• Suzanne Curtin, Department of Psychology, University of Calgary
  • Lawrence Zbikowski, Department of Music, University of Chicago; Fulbright Visiting Research Scholar, CIRMMT, McGill University
  • Leigh van Handel, College of Music and Program in Cognitive Science, Michigan State University
  • Godfried Toussaint, CIRMMT, School of Computer Science, McGill University; Department of Music, Harvard University
  • Anna Tirovolas, CIRMMT, Department of Psychology, McGill University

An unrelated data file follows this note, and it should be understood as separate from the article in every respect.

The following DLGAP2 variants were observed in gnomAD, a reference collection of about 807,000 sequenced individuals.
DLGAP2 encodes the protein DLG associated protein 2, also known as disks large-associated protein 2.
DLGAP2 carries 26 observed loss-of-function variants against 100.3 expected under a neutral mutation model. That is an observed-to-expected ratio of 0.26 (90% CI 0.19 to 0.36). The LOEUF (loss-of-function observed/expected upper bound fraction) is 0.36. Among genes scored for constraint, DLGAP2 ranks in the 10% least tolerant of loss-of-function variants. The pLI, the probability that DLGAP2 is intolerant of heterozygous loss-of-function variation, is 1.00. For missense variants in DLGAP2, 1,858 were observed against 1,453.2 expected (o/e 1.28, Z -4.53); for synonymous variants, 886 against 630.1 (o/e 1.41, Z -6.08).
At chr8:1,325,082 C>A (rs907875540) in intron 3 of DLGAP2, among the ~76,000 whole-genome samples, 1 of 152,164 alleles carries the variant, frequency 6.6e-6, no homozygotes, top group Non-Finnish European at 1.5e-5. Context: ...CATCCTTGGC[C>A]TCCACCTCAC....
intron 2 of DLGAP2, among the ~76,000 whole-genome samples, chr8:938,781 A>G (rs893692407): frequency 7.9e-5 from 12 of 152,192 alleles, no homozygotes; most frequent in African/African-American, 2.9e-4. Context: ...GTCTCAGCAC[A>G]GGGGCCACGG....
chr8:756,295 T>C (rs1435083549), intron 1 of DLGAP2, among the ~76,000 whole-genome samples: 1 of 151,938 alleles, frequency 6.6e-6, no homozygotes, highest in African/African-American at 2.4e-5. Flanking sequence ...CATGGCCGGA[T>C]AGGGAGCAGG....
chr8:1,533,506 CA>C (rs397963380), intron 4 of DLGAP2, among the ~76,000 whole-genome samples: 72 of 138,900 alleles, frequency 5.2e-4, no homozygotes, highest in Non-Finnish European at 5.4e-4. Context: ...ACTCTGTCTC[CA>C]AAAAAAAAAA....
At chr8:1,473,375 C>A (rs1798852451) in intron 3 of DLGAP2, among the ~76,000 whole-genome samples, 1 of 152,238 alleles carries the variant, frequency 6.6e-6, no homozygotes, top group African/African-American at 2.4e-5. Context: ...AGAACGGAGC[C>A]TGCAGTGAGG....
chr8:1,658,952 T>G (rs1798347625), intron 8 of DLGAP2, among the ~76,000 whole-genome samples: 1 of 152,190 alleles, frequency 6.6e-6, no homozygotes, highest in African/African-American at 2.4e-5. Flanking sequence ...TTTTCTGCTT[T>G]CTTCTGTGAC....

Schedule

Moderator: Stephen McAdams, CIRMMT, Schulich School of Music, McGill University

  • 9:30 - Coffee
  • 10:00 - Introduction
  • 10:05 - Ani Patel, Music and the Brain Program, The Neurosciences Institute, La Jolla, CA: Rhythm in speech and music
Rhythm is fundamental to speech and music, yet empirical comparisons between rhythmic patterns in the two domains are rare. I suggest that progress in empirical comparative research depends on a clear distinction between periodic and nonperiodic rhythms in human auditory cognition. I argue that speech and music have fundamental differences in terms of periodic rhythms, and important connections in terms of nonperiodic rhythms.
  • 10:20 - Erin Hannon, Department of Psychology, University of Nevada, Las Vegas: The ontogeny of rhythm processing in music and speech